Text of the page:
Why does the impeller and turbine have vanes in opposite directions?
There are several parts to a torque converter (TC):
- Transmission Fluid
The housing it attached to directly to the engine. It spins at the same speed as the engine (obviously). Attached to the housing are the fins of the pump. The pump is a centrifugal type pump. As it spins faster, more fluid is moved through the torque converter. The turbine portion of the TC has blades, which you pointed out, point in the opposite direction of the pump blades. They are set opposite so that they can catch the oncoming fluid which is being forced at it from the pump blades. This causes a directional change of the fluid, which in turns causes the turbine to spin. The turbine is the portion of the TC which is attached to the transmission itself.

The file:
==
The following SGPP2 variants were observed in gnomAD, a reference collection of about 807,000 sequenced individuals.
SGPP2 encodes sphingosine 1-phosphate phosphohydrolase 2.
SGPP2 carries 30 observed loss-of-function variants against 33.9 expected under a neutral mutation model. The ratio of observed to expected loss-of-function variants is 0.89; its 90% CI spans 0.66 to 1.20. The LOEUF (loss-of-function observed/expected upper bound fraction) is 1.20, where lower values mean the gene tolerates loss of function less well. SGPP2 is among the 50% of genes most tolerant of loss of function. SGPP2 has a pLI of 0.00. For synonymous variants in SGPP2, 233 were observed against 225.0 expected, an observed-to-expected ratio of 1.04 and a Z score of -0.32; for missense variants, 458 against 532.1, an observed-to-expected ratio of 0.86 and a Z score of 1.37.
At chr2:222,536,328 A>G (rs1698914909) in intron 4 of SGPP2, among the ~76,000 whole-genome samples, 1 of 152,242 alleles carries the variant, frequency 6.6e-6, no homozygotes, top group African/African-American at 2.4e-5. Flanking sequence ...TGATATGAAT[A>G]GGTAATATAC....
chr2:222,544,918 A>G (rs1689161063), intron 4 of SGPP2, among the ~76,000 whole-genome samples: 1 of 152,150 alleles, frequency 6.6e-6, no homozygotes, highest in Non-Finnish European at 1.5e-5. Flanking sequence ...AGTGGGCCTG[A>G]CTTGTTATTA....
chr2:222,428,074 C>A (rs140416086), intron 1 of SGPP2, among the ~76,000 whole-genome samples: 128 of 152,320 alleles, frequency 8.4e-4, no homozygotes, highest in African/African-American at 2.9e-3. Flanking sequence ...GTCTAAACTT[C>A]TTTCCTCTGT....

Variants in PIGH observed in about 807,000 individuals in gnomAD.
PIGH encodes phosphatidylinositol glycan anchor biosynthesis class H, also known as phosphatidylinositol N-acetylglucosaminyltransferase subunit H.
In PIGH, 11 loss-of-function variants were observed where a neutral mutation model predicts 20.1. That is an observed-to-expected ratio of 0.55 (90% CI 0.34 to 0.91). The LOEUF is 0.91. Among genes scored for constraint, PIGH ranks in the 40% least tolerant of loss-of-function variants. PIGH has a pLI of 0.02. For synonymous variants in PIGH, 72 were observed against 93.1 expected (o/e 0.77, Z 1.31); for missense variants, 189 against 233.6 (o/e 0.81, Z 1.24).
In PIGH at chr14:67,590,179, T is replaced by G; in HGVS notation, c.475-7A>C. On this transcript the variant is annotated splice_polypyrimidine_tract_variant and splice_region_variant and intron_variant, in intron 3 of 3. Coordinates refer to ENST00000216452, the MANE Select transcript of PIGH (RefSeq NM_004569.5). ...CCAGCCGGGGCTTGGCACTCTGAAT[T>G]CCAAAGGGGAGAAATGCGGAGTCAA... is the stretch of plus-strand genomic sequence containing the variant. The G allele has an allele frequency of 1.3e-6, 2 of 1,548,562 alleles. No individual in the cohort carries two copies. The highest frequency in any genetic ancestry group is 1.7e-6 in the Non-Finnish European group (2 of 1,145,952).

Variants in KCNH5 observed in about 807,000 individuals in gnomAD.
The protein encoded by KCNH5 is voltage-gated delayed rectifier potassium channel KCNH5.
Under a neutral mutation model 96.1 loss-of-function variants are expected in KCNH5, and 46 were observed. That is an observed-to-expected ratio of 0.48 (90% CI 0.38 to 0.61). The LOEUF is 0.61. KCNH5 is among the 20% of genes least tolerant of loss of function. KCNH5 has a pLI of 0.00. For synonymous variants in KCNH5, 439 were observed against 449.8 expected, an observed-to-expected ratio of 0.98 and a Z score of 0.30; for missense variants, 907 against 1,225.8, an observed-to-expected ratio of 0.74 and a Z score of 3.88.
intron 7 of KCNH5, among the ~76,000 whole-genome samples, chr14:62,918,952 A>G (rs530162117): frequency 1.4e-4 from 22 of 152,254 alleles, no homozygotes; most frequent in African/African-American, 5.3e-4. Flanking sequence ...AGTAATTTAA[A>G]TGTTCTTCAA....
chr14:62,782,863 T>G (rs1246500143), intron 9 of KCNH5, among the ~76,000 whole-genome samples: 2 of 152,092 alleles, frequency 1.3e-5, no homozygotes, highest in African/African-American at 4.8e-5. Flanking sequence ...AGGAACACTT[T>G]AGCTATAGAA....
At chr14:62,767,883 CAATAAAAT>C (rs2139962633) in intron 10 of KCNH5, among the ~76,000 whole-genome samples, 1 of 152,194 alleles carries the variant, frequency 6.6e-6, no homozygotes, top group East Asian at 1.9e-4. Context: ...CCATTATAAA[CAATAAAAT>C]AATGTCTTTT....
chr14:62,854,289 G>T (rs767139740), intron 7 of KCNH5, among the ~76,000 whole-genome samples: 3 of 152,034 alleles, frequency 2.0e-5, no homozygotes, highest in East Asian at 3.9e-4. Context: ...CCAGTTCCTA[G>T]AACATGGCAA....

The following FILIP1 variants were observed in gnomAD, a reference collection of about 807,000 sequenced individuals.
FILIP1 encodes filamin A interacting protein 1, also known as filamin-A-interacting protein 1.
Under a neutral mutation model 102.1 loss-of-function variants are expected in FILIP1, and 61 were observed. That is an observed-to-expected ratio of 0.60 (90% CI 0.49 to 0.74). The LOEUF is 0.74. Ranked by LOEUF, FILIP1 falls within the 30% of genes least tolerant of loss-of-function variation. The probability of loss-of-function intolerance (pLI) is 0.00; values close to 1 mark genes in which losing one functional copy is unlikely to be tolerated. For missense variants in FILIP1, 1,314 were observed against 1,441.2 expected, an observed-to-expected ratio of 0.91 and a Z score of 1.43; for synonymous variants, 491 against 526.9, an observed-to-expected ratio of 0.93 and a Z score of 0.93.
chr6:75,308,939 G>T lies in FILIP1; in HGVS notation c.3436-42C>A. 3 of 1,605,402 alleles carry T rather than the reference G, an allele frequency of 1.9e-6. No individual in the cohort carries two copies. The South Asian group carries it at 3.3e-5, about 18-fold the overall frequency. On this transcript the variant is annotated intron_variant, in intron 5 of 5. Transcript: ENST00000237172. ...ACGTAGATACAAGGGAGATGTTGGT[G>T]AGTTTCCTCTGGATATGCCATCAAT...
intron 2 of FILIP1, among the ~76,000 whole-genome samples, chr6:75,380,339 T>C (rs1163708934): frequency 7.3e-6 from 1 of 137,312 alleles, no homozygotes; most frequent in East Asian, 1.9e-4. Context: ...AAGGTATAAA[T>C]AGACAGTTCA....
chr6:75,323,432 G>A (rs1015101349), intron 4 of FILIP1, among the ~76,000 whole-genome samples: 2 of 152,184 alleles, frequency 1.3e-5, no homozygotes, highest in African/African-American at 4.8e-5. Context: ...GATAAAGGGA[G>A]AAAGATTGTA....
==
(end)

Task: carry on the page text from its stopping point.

Why does the turbine have more of them?
Every manufacturer is going to build their TC's different, this includes the vane count on the pump and turbine. This means the turbine will not always have more than the pump will. The manufacturer's design will also include what the pitch is on any of the vanes, how closely they are run together, overall diameter of the TC, and many other factors. While the overall concept and work ability of these are the same, the differences are distinct.
Why does the stator have to change fluid direction anyways?
The stator's main job is to increase the efficiency of the TC. The TC overall is a fluid coupling device. Without the fluid, the pump would turn, but nothing would happen. With forcing the fluid through the TC, it becomes coupled, and the force is transmitted to the transmission. The stator is there to make the TC not just a fluid coupling device, but also allows it to become a torque multiplier. This allows low torque areas of the torque curve (low rpm areas) to generate more torque and allow it to be transferred through the transmission and move the vehicle. Without the fluid change, none of this would be possible. Physics dictates, in order to move an object you must apply force to the object. The directional change of the fluid provides the force.